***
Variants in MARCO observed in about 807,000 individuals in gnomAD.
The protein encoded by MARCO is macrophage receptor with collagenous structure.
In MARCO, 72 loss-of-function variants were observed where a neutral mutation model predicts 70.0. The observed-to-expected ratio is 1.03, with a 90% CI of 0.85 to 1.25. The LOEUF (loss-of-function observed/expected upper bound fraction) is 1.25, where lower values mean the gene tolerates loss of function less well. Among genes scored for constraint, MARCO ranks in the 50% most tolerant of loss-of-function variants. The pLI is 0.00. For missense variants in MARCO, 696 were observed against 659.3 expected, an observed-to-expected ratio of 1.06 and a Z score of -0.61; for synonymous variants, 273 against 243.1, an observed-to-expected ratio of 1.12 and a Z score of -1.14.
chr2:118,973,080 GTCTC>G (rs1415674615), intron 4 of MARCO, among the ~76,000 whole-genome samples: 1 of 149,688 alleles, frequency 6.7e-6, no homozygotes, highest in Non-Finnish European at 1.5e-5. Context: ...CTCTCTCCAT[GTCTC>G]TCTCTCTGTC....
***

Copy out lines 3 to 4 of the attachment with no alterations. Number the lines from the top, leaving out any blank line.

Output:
In MARCO, 72 loss-of-function variants were observed where a neutral mutation model predicts 70.0. The observed-to-expected ratio is 1.03, with a 90% CI of 0.85 to 1.25. The LOEUF (loss-of-function observed/expected upper bound fraction) is 1.25, where lower values mean the gene tolerates loss of function less well. Among genes scored for constraint, MARCO ranks in the 50% most tolerant of loss-of-function variants. The pLI is 0.00. For missense variants in MARCO, 696 were observed against 659.3 expected, an observed-to-expected ratio of 1.06 and a Z score of -0.61; for synonymous variants, 273 against 243.1, an observed-to-expected ratio of 1.12 and a Z score of -1.14.
chr2:118,973,080 GTCTC>G (rs1415674615), intron 4 of MARCO, among the ~76,000 whole-genome samples: 1 of 149,688 alleles, frequency 6.7e-6, no homozygotes, highest in Non-Finnish European at 1.5e-5. Context: ...CTCTCTCCAT[GTCTC>G]TCTCTCTGTC....